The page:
In many places in the United States and Europe studios are at the apex of their teaching year.  Festival season followed by many of the exams will take place between March and May.  Here in North Carolina, the fun begins with State Festival coming in just two short weeks.  Before we know it, there will be music that can and should be put away and new repertoire selected.

Now is a good time to plan for a creative and fulfilling part of the school year between March and June.  What music should you chose?  What about the plan for the May/June end of school year recital?  I always like to start fresh at this point.  What haven’t the students played?  Many festivals and exams have required lists to chose repertoire from.  That’s good, but of course, there’s so much more out there.

Particularly in the intermediate levels there are many composers that need to be introduced to provide a full and rich program.  The Schumann Album for the Young, Op. 68 comes to mind.  It’s not just for intermediate students.  A preview of pieces after number 20 offers a rich variety of advancing literature for even your more advanced students.  The bonus is the pieces are relatively short, which allows for a 3 or 4 month learning cycle.  Some of the final pieces of the set are never heard nor performed.  The Fugue is a full-bodied piece and would make an impressive encore for even the most seasoned concert artist.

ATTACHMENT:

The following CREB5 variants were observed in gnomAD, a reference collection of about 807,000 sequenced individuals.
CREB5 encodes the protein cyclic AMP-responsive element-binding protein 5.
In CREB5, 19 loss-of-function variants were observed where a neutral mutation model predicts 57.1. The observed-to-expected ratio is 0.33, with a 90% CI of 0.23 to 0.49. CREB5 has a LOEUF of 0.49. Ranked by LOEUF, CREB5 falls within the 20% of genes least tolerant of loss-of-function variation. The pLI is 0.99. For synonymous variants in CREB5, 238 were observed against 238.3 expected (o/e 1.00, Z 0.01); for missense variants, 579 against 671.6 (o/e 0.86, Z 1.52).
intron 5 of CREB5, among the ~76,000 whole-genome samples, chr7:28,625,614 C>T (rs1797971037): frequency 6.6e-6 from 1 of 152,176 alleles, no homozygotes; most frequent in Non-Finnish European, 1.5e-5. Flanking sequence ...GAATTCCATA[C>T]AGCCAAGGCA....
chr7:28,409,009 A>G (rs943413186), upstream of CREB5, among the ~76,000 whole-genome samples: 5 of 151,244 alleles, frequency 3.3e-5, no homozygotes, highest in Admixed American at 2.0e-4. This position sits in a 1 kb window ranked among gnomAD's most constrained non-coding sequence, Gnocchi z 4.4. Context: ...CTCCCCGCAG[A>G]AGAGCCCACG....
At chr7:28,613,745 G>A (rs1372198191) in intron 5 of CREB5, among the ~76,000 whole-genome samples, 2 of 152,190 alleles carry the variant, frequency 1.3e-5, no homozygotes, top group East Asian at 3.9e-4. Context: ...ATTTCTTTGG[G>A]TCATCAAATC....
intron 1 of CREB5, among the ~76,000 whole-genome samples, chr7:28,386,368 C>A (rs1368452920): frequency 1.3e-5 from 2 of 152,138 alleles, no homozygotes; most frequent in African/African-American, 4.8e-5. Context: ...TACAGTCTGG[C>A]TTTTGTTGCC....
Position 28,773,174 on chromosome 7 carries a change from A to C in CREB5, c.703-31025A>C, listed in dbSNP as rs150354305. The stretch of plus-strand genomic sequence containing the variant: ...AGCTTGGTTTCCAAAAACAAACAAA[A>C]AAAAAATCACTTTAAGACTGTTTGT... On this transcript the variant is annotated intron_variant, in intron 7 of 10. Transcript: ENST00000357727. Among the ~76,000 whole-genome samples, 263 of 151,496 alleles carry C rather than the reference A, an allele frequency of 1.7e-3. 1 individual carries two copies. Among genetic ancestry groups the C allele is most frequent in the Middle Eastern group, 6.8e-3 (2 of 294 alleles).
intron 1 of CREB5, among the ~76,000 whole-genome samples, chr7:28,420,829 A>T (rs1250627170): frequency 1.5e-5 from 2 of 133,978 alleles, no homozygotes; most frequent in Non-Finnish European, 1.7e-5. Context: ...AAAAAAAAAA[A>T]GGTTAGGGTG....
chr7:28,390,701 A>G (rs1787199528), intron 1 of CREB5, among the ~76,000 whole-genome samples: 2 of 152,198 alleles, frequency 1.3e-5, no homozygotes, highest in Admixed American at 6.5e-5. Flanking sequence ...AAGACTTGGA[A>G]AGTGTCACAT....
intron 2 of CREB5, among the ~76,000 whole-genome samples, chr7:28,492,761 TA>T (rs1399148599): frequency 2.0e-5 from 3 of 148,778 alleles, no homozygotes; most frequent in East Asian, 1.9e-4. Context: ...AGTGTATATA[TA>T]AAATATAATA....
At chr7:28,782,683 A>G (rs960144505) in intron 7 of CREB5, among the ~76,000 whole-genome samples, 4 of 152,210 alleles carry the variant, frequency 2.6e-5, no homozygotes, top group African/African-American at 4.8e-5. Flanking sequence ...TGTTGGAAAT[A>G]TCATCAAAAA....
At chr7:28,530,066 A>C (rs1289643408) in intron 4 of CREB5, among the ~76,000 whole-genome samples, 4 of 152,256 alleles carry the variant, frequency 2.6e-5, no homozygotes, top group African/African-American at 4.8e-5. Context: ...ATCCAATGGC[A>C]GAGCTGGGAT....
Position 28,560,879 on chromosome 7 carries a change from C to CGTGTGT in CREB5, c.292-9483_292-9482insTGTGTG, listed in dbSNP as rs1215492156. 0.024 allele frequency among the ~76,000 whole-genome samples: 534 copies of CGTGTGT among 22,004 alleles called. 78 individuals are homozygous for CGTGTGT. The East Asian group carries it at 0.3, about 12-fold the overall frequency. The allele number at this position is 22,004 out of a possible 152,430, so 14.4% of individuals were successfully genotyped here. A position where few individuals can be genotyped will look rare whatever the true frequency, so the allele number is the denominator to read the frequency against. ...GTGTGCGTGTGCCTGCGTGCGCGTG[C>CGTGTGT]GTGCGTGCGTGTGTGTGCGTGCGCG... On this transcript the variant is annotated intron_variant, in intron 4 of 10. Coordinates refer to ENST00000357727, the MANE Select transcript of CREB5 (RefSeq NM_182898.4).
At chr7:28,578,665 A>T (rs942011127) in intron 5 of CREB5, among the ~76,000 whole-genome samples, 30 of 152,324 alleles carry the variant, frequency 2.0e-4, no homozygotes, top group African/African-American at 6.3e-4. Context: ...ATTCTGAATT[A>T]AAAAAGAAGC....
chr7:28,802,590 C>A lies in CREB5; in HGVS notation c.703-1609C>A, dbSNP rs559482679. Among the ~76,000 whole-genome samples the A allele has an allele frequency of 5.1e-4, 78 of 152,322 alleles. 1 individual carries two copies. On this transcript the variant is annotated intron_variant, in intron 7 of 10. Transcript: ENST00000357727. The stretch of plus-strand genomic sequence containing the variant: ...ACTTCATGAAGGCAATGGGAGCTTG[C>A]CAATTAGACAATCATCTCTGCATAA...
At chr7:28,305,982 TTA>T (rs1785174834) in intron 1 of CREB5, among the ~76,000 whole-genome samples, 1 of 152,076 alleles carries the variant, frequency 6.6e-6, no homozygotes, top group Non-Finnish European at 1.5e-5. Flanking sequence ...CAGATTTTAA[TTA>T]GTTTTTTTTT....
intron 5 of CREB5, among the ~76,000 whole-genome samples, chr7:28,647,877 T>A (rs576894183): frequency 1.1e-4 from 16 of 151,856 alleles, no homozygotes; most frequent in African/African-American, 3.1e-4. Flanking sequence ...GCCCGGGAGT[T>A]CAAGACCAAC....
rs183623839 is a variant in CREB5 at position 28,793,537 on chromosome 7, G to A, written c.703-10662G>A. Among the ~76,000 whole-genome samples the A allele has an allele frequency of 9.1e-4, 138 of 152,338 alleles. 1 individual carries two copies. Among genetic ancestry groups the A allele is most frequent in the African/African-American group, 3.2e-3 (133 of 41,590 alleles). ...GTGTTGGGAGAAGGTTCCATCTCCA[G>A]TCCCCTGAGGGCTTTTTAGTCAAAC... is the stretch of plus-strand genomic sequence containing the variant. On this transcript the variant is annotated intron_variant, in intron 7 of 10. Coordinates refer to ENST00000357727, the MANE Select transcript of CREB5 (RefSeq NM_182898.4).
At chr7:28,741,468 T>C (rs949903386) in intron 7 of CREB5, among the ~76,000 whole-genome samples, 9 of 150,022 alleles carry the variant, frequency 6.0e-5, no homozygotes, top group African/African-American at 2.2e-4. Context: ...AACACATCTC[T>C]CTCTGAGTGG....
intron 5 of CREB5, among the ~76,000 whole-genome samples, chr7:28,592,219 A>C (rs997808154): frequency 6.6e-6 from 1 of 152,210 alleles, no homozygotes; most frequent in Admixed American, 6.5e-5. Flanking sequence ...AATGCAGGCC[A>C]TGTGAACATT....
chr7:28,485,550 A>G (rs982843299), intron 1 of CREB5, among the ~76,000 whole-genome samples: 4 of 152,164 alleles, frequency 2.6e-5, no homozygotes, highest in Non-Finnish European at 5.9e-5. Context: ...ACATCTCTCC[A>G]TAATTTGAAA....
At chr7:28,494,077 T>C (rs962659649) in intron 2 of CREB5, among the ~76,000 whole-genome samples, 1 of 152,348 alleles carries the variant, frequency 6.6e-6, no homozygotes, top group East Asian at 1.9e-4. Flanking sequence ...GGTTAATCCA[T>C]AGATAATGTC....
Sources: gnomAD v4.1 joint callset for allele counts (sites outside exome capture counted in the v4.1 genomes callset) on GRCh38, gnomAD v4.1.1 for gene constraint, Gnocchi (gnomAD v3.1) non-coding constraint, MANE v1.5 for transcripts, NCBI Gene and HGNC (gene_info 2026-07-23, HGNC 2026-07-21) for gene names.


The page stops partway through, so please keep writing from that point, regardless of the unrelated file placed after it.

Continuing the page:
Festival literature often include perhaps a few of the Chopin Preludes or one or two of the shorter nocturnes.  How about one of the Nocturnes by John Field?  These are gems and so important to include before delving into longer more involved Chopin.  For our younger students the early “beginner” Chopin books offer a mix of early preludes, mazurkas (the most accessible ones) and waltzes.  Now would be a great time to assign some early Chopin to learn for the spring recital or even a summer program.

Most importantly this year is the anniversary of Beethoven’s birth 250 years ago.  Between IMSLP offerings and early Beethoven works available in multiple repertoire books there’s something for everyone!  My studio is planning a Beethoven celebration for fall.  Certainly by April I will be assigning that literature to assure that even with summer vacations we can be ready by October.

The list of possibilities is endless.  So hit your shelves and see what you have in storage that you’ve forgotten about and add in some new pieces.  So many of the Beethoven and Chopin pieces are available in single sheets!  That’s a cost savings to your students, particularly if you don’t plan to follow-up on that particular composer.  I once had a teacher that suggested that a student should be learning something from Chopin all the time–it’s how he built his technique.  It’s a point considering when purchasing a book of intermediate level Chopin.  The beauty of cycling a composer through the studio is that many of your students will have an even amount of knowledge on which you can build.

Perhaps Beethoven could be a choice given the anniversary month and one other composer.  Which students in your studio are capable of learning something from that composer?  If you split the literature across the studio, then when 2021 comes around, you know that your core students have covered an equal amount of that particular composer and you can select another one or two composers to focus your studio teaching.  The beauty of piano is the rich reservoir of musical treasures and endless possibilites to explore.  Enjoy your shopping trip through the literature–what a joy for all of us!